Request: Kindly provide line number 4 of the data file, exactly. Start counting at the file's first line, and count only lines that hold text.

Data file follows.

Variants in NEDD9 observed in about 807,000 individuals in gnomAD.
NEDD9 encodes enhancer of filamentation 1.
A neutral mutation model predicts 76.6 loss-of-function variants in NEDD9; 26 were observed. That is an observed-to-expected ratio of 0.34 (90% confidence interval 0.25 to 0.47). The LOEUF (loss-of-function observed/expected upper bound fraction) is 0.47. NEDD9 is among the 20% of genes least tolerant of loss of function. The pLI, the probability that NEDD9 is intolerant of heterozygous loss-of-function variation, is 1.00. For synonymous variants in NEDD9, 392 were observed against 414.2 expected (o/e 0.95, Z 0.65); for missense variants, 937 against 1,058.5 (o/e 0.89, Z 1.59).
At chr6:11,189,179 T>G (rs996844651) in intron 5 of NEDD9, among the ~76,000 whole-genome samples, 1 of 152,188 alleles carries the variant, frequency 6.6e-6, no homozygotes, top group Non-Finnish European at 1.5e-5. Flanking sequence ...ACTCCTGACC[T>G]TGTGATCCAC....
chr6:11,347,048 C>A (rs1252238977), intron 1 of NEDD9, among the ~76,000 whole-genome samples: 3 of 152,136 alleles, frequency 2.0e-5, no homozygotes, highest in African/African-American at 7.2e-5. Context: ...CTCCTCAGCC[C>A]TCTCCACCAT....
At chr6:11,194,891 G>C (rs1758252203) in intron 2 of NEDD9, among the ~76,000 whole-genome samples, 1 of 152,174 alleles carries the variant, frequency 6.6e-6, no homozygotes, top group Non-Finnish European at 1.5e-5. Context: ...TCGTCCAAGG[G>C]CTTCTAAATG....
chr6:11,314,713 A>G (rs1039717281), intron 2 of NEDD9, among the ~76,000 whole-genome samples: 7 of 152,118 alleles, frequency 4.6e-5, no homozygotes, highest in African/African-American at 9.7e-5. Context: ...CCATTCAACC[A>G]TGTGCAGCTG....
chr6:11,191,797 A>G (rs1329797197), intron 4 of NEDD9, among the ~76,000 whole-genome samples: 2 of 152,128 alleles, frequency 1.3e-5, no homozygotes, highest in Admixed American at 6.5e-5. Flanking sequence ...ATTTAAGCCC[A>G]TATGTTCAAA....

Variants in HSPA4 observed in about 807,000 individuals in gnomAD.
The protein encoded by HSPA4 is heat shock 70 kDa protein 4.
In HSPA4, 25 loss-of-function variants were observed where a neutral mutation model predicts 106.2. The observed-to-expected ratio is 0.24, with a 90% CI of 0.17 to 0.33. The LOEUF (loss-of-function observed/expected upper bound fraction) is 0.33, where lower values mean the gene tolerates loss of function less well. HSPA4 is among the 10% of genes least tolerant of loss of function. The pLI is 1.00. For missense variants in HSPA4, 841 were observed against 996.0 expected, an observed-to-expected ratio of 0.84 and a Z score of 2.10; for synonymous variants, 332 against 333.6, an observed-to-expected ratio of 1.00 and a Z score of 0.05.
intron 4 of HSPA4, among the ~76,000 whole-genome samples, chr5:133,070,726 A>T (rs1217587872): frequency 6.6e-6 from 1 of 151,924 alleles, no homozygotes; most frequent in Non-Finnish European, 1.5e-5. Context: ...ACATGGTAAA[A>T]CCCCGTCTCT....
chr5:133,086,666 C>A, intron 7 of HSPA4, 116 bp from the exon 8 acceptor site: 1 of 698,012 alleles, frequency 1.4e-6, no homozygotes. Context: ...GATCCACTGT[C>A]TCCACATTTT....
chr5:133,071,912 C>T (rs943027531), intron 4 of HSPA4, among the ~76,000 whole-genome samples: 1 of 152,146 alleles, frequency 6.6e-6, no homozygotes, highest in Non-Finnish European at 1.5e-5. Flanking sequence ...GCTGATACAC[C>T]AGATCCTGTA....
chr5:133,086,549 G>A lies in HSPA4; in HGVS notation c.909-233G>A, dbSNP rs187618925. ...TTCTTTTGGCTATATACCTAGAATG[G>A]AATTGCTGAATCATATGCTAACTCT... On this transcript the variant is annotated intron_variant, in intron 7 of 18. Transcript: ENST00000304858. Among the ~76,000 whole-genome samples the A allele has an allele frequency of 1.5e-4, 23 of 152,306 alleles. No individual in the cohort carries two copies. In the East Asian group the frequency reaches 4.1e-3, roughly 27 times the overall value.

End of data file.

At chr6:11,189,179 T>G (rs996844651) in intron 5 of NEDD9, among the ~76,000 whole-genome samples, 1 of 152,188 alleles carries the variant, frequency 6.6e-6, no homozygotes, top group Non-Finnish European at 1.5e-5. Flanking sequence ...ACTCCTGACC[T>G]TGTGATCCAC....